Tips for Implementing Progressive Discipline

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Progressive discipline is a system that provides increasingly severe warnings for repeated employee conduct that either disregards the employer’s policies and procedures or fails to fulfill performance expectations.
Using a system of progressive discipline in reaction to poor performance or rule violations can help employers avoid employee legal claims (for example, employment discrimination, sexual harassment, unemployment insurance and wrongful discharge) and improve staff performance and attitudes.
A typical progressive discipline system will have five steps: a verbal warning (that is documented), a written warning, a final written warning, an unpaid suspension (during which time, termination may be considered) and finally, termination of employment.
Depending on the severity of the issue, an employer may decide to skip one or more steps of the progressive disciplinary process. It is important that employers provide themselves with the flexibility to do so. In addition, any escalation in the progressive discipline process should be done consistently among employees who may be viewed as similarly situated.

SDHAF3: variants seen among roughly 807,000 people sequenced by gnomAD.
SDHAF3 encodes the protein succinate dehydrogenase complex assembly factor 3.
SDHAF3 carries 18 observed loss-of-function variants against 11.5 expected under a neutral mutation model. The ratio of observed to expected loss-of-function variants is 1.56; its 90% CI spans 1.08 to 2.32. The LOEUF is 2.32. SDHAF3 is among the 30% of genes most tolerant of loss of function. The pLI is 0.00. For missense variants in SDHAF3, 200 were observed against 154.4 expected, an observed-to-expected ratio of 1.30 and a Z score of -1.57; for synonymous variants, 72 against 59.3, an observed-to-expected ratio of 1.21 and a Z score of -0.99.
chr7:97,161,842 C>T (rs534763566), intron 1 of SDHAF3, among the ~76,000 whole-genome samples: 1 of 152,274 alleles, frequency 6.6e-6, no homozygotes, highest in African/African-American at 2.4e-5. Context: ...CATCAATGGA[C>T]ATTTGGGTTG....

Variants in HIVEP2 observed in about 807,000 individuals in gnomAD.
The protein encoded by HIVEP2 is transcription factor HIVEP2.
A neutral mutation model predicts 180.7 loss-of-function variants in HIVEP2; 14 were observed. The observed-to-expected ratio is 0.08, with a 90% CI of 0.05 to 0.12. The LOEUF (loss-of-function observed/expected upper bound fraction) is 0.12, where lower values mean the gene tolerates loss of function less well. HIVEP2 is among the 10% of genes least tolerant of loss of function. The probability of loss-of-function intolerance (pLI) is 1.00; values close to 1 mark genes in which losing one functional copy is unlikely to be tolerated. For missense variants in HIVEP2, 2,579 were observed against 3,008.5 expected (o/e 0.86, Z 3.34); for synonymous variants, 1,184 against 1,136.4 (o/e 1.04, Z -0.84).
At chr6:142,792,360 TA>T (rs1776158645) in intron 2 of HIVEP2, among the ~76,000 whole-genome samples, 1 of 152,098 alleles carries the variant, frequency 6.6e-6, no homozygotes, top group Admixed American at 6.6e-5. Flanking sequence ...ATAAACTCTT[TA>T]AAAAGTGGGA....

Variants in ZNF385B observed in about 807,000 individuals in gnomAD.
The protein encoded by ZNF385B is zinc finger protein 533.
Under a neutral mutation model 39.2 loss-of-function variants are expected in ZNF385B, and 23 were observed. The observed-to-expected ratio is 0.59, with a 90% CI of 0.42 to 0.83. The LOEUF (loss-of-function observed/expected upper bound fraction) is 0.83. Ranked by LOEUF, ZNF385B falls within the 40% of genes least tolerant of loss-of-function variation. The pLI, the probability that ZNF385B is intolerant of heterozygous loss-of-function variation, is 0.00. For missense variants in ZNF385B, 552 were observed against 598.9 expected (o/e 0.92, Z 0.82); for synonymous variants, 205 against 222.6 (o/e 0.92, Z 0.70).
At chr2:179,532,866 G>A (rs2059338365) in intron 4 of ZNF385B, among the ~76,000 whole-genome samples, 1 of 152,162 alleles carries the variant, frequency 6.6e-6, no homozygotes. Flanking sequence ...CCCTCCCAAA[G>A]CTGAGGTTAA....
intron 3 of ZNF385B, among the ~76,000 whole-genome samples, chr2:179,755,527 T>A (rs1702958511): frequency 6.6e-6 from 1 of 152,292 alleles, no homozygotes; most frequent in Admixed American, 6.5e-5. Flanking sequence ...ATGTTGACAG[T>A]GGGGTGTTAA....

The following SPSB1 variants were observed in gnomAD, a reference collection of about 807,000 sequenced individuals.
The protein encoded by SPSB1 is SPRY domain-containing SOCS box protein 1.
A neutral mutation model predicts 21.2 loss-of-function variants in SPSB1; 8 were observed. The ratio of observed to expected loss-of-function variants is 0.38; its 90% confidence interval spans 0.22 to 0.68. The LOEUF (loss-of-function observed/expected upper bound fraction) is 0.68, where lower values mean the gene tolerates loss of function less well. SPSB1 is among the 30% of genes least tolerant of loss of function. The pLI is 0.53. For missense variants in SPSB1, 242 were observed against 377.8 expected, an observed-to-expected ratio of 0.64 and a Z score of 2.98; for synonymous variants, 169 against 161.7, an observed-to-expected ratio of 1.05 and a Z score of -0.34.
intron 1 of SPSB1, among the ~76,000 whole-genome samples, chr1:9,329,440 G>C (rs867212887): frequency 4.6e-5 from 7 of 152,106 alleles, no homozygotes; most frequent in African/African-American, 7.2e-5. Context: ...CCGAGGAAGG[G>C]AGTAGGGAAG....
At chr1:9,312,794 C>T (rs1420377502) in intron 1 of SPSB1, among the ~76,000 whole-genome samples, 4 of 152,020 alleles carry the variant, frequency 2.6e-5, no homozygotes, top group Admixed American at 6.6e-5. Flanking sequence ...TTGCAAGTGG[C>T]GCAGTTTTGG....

It is also important to clarify what is not appropriate under a system of progressive discipline.
The goal of discipline should be to change behavior and/or improve job performance so employees never reach the next step. Therefore, some employers attempt to be creative with disciplinary measures that they feel will motivate an employee to change the undesired behavior. However, an employer is limited as to the things it can lawfully do.
For example, an employer may not withhold an employee’s wages (which may include earned vacation time or other paid time off) as a form of discipline. This would be illegal under the Fair Labor Standards Act (FLSA). An employer is required to pay an employee for all time worked. In addition to the FLSA, state laws may also limit the deductions that an employer may take from an employee’s paycheck. An employer that violates the requirements of the FLSA can face civil penalties of up to $1,100 for each violation.
Progressive discipline can be effective in changing employee behavior and protecting an employer from liability. However, employers should be aware of the forms of discipline that will create liability.
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